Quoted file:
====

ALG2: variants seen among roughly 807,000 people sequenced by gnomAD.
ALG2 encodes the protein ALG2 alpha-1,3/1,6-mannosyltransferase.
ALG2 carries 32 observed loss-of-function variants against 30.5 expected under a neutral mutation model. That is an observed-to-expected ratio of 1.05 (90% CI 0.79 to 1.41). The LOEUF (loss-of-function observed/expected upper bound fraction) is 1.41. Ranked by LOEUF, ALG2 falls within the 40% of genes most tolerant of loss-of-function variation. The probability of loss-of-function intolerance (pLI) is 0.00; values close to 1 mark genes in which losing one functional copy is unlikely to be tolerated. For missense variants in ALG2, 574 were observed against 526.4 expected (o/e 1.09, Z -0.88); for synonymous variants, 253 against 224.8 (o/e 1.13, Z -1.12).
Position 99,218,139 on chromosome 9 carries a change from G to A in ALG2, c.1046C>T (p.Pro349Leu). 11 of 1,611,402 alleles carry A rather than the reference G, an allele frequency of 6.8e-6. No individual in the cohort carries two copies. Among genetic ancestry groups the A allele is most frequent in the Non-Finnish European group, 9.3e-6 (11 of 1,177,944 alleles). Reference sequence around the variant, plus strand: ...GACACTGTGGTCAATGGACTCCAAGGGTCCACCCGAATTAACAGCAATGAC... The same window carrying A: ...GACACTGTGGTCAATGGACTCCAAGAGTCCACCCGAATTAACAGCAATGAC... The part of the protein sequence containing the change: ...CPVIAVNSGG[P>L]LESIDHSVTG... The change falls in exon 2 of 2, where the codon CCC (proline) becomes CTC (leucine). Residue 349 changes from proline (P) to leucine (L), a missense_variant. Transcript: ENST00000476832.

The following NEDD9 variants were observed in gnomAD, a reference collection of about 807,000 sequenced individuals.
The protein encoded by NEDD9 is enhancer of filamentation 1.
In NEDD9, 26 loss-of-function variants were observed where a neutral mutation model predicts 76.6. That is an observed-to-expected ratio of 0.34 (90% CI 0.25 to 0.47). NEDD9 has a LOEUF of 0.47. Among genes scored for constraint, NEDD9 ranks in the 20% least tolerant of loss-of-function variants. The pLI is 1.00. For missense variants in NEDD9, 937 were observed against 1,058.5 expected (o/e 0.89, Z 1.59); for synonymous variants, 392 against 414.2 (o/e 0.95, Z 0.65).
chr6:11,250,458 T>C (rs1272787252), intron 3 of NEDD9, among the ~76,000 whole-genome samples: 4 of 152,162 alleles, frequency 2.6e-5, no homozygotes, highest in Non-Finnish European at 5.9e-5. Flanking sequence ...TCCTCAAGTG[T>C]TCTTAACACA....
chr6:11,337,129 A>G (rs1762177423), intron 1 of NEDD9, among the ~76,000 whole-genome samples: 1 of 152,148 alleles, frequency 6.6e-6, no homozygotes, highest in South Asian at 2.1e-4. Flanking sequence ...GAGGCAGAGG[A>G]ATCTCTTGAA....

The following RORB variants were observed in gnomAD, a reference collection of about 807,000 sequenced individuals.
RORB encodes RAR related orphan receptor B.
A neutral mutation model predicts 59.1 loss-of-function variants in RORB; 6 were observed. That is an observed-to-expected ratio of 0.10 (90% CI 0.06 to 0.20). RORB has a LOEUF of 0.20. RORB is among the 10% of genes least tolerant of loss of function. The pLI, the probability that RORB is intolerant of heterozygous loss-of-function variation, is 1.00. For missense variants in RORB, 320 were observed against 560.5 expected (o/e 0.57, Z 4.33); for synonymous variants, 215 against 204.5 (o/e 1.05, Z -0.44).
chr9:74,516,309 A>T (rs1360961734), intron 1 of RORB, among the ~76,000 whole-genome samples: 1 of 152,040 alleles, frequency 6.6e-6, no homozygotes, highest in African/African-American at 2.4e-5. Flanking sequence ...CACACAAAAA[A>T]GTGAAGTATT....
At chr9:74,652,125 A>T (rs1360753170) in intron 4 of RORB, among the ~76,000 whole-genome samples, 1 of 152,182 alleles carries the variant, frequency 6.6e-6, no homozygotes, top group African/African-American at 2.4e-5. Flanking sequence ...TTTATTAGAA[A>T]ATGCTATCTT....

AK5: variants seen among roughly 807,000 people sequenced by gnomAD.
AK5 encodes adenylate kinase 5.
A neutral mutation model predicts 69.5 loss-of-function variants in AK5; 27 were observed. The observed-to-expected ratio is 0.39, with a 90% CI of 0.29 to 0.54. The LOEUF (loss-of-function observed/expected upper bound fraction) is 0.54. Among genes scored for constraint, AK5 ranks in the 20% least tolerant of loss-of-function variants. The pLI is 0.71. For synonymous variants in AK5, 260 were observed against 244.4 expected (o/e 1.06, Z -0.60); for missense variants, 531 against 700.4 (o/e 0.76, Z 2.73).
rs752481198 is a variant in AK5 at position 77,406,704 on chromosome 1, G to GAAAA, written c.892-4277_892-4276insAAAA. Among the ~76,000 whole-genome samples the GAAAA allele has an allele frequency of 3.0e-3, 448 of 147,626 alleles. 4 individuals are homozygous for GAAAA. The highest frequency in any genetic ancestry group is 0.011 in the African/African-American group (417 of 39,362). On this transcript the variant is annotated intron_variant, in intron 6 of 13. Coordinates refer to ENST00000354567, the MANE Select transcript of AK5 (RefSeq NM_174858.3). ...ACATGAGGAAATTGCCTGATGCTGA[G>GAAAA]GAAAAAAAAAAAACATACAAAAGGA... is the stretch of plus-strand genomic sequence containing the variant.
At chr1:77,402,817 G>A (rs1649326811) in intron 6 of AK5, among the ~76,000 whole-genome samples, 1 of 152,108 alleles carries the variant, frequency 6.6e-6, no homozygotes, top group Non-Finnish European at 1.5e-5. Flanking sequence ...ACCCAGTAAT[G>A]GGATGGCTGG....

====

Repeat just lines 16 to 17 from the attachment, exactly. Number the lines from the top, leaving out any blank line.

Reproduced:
AK5 encodes adenylate kinase 5.
A neutral mutation model predicts 69.5 loss-of-function variants in AK5; 27 were observed. The observed-to-expected ratio is 0.39, with a 90% CI of 0.29 to 0.54. The LOEUF (loss-of-function observed/expected upper bound fraction) is 0.54. Among genes scored for constraint, AK5 ranks in the 20% least tolerant of loss-of-function variants. The pLI is 0.71. For synonymous variants in AK5, 260 were observed against 244.4 expected (o/e 1.06, Z -0.60); for missense variants, 531 against 700.4 (o/e 0.76, Z 2.73).